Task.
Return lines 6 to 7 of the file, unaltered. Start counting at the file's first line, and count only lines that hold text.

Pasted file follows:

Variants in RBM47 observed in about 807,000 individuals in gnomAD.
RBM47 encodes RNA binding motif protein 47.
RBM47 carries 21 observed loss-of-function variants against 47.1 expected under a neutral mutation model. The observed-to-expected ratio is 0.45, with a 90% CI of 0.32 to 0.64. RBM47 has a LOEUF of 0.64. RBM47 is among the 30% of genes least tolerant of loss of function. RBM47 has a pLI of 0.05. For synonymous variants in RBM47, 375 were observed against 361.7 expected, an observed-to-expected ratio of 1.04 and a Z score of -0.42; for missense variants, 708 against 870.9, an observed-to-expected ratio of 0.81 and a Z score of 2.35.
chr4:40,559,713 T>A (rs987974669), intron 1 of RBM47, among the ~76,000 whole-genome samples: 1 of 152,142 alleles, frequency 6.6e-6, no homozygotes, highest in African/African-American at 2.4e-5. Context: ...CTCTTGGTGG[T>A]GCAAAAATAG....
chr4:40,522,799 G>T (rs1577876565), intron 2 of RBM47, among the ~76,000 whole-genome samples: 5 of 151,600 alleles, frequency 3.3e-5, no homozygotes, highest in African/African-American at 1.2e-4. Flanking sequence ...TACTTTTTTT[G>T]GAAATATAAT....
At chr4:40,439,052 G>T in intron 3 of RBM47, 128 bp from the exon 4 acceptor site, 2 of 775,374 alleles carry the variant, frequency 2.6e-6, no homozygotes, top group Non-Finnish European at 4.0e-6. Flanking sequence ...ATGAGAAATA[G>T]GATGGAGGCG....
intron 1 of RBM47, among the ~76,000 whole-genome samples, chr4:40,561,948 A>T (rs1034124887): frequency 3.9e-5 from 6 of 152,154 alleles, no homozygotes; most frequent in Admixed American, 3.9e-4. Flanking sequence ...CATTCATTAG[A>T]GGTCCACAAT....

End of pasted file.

At chr4:40,439,052 G>T in intron 3 of RBM47, 128 bp from the exon 4 acceptor site, 2 of 775,374 alleles carry the variant, frequency 2.6e-6, no homozygotes, top group Non-Finnish European at 4.0e-6. Flanking sequence ...ATGAGAAATA[G>T]GATGGAGGCG....
intron 1 of RBM47, among the ~76,000 whole-genome samples, chr4:40,561,948 A>T (rs1034124887): frequency 3.9e-5 from 6 of 152,154 alleles, no homozygotes; most frequent in Admixed American, 3.9e-4. Flanking sequence ...CATTCATTAG[A>T]GGTCCACAAT....